Startling statistics of unpaid dental bills
- It is estimated that the total outstanding dental debt in the USA to be around $100 billion.
- On average, it takes dental practices about 18 days to collect payment on their bills.
- Average write-off is 7% , means dental practices lose about 7% of their revenue due to unpaid bills. Lets calculate – If a practice operates on a 25% profit margin, a 7% write-off means that 28% of their profit is gone.
- Practices that provide more expensive services, such as cosmetic dentistry or orthodontics, have a higher percentage of unpaid bills.
10 out of 10 dentists recommend us. Kinum specializes in collecting dental debts, we have been consistently delivering high recovery rates using our cost effective debt collection services.
Kinum’s Methodology for Dental Debt Recovery
- Protect your reputation.
- Follow all Federal and Local debt collection laws.
- Free address check, skip tracing, bankruptcy check and litigious defaulter check.
- Licensed to collect in all 50 states and Puerto Rico. Even if your patient crosses state lines, we can handle it.
- We treat your patients with dignity and respect when recovering your unpaid invoices.
- We consistently deliver high recovery rates and far exceed the industry average.
- If you want, we can report unpaid debts to credit bureaus at no charge.
- Over 1300 Google reviews averaging 4.85 out of 5, and 90% of reviews are from people we’ve collected money.
Need a Collection Agency? Get in Touch with us:
Online reviews left by Doctors
“We have been using Kinum for about 2 years. They are wonderful to work with. Todd our account manager is always very helpful and answers our questions promptly. I highly recommend Kinum for all collection services!”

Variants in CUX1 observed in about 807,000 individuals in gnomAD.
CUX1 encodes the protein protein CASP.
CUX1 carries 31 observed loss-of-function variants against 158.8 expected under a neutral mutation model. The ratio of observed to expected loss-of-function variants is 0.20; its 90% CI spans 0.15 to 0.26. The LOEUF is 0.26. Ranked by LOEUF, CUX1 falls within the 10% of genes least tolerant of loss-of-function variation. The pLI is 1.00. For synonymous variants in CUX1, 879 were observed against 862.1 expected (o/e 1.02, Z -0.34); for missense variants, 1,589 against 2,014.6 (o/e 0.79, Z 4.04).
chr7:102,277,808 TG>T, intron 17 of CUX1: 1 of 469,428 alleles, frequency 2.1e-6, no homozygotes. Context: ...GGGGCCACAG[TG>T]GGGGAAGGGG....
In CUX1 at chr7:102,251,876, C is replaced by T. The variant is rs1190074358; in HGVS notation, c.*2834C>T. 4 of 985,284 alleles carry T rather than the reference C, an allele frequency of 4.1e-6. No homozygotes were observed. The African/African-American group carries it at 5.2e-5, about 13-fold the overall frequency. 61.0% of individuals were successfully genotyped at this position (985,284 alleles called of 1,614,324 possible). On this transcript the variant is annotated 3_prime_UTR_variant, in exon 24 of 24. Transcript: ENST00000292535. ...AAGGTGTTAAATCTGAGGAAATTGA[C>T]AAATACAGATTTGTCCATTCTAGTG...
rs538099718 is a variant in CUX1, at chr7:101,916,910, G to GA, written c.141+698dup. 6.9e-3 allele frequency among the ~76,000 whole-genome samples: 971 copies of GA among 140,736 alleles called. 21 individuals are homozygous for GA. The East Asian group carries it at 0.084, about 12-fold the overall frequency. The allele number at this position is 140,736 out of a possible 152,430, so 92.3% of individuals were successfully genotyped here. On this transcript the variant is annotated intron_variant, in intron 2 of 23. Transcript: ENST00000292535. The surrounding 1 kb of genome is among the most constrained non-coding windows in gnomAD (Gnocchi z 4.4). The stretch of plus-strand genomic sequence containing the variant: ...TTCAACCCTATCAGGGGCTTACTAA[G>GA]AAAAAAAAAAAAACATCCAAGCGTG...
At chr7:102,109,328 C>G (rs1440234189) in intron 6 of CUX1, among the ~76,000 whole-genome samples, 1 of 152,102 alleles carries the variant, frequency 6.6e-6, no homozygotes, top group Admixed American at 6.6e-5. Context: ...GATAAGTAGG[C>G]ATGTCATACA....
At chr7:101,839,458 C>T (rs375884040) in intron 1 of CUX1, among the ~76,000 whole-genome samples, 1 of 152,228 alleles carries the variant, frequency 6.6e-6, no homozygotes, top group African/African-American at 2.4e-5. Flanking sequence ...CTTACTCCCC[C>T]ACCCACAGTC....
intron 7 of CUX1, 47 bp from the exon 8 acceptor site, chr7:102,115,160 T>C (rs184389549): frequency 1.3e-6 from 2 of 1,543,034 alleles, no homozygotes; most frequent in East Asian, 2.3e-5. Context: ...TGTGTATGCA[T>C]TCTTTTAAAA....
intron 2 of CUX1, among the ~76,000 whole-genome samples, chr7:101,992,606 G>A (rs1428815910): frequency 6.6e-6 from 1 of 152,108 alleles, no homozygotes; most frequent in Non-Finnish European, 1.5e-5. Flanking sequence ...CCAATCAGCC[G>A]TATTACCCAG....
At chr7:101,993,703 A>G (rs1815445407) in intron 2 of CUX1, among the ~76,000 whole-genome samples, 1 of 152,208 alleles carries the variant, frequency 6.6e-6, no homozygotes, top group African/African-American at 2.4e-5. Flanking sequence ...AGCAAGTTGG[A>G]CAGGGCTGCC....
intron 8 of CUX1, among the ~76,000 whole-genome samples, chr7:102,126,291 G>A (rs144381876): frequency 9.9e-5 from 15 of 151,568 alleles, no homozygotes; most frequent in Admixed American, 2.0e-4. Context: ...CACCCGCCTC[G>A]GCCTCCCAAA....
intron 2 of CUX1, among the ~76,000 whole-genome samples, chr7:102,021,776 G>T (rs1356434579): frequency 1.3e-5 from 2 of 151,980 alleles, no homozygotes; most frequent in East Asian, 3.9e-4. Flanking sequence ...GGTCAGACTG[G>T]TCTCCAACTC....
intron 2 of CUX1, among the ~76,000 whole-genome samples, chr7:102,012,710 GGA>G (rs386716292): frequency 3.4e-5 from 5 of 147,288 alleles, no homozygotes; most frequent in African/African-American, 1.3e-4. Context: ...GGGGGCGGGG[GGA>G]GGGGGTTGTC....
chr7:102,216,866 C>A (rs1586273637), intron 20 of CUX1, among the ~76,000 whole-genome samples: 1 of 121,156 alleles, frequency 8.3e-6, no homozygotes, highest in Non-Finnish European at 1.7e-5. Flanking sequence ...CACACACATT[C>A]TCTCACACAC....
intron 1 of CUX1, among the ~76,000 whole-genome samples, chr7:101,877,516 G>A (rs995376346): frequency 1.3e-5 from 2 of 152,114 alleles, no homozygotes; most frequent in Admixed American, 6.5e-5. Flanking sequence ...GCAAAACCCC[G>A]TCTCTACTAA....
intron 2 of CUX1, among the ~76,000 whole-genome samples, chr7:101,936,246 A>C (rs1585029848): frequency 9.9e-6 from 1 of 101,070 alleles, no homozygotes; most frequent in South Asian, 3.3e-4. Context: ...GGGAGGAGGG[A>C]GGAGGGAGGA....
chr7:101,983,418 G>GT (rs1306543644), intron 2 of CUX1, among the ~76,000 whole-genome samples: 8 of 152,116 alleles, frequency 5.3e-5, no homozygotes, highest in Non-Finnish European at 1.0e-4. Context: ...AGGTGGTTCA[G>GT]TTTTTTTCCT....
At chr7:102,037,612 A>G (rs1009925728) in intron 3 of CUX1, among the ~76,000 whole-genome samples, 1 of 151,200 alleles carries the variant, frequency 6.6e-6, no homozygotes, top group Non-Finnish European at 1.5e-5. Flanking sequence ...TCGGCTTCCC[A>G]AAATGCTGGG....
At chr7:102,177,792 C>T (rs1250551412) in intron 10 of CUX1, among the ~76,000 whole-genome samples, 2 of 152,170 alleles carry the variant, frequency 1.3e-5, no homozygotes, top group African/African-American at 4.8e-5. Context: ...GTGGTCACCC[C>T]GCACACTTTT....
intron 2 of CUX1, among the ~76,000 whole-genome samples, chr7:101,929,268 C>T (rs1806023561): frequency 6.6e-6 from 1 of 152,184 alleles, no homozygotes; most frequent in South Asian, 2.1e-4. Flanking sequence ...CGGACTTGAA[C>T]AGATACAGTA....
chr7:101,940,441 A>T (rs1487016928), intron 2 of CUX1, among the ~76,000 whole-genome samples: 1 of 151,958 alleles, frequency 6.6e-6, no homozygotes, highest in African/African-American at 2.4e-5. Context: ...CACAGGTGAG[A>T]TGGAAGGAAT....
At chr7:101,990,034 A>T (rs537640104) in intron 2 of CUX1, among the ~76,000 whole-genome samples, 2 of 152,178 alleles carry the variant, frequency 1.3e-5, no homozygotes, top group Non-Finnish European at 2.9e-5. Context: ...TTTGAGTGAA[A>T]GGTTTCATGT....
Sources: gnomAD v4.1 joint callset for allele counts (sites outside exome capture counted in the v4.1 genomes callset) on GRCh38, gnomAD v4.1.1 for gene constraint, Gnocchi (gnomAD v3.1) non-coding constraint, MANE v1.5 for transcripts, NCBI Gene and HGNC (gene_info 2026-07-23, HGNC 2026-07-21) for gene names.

“I have worked with Kinum for the last 3 years. As the Director of RCM for a large medical company, I could not be happier with their performance as a collection agency, but also their approach to handling our mutual clients. Vince, Bruce, and Paul have not only exceeded expectations, but have helped us foster good will with our clients as well. If I could give them 10 stars I would.”
Reviews left by Patients/Debtors
The “collector” who helped me with my medical bill payments was awesome. She was kind, understanding and did not pressure me at all. I have a very high amount of medical bills that I am trying to pay off and Kinum is a company that should teach all debt collectors the fine art of respect and dignity.
The collector was very courteous, and made submitting the payment effortless. I am glad that I was made aware of a debt that I had forgotten about, and was able to settle. It was a pleasant surprise to deal with such a patient and pleasant individual compared to the usual rude and threatening types usually encountered with collection agencies.
Paying off a debt collector is never a fun thing to do. However, the collector that handled my case was so nice and very patient with me. My account was flagged for fraud and the last transaction wouldn’t go through. The collector was very understanding and allowed me to get it situated. She gave me her direct line number, when I sorted everything out I just called her back! She was super friendly, given the circumstances. I hope everyone has a debt collector like her!!!